The people of the Pacific Island region have some of the highest rates of non-communicable diseases (NCDs). These diseases include cardiovascular disease, type 2 diabetes, cancers and chronic respiratory diseases.
NCDs are the leading cause of death in the Pacific region accounting for 60 to 75% of mortalities. Premature death, disability and reduced productivity from NCDs pose heavy burden on governments, communities and families. This creates a ‘human, social and economic crisis’ and challenging to achieving Healthy Island Vision and Sustainable Development Goals.
NCDs are preventable through effective interventions that tackle share risk factors. A risk factor is any attribute, characteristic or exposure of an individual that increases the likelihood of developing a disease. NCD risk factors are tobacco use, unhealthy diets, physical inactivity and harmful use of alcohol.
We know how to prevent NCDs, but this crisis will worsen unless we take urgent actions now. SPC’s NCD programme supports member countries and territories to scale-up the prevention and control actions recommended in the Pacific NCD Roadmap, and mobilises a sustained ‘whole of SPC, whole of government and whole of society’ approach to turning the tide on the NCD epidemic in the Pacific.
Our main strategic objectives
SPC’s NCD programme, together with other SPC programmes and partner agencies, actively provides technical support to Pacific Island countries and territories to:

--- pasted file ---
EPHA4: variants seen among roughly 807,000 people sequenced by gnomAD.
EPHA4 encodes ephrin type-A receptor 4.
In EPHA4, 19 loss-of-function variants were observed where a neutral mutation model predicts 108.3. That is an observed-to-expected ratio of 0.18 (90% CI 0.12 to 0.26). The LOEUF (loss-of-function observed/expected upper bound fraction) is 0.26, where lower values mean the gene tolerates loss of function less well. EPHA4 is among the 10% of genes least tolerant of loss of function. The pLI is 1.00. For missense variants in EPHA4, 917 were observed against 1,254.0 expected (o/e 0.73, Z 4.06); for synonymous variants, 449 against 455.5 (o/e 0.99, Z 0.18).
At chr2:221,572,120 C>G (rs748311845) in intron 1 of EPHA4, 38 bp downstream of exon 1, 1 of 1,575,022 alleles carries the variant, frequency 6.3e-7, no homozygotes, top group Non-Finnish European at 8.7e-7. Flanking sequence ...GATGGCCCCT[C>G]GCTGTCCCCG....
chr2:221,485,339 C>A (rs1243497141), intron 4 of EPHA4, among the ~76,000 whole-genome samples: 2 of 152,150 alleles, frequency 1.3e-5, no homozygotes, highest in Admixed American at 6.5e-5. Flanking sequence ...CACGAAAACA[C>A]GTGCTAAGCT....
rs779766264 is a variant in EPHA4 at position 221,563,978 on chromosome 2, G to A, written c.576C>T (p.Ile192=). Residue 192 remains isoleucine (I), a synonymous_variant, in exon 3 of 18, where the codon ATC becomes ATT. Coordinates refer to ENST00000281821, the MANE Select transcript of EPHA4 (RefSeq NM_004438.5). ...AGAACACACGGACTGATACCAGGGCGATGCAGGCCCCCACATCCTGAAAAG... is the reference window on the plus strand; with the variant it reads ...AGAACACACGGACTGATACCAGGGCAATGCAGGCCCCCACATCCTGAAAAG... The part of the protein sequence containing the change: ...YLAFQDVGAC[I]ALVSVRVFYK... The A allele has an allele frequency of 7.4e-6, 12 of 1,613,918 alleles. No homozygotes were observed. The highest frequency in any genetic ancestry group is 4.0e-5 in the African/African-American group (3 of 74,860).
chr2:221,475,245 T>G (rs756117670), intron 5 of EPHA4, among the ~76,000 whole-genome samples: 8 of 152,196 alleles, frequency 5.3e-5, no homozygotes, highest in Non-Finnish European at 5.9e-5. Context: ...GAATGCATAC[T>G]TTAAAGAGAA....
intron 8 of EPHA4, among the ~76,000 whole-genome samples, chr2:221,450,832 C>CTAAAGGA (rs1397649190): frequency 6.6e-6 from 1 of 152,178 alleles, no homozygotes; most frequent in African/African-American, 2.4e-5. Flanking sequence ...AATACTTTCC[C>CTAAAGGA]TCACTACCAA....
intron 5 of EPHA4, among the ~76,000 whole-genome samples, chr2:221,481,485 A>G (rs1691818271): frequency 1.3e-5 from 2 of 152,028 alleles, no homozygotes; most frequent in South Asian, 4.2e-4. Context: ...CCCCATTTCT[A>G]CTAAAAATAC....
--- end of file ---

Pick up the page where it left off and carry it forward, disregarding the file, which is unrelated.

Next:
- Strengthen top-level political leadership of action to address NCDs
- Improve healthy public NCDs policy and legislation in all relevant sectors
- Increase multi-sectoral engagement to address NCDs more effectively
- Build capacity for effective implementation of national NCD plan
- Establish accountability mechanisms to assess countries progress on NCD actions
SPC is engaging with political and sectoral leaders to positively influence policy dialogue and build increased awareness of the role of different sectors in responding to the NCD crisis, including reducing smoking and consumption of unhealthy food and drink including alcohol; and improving physical activity through policy, legislation and evidence based interventions, and ensuring best value for health spending.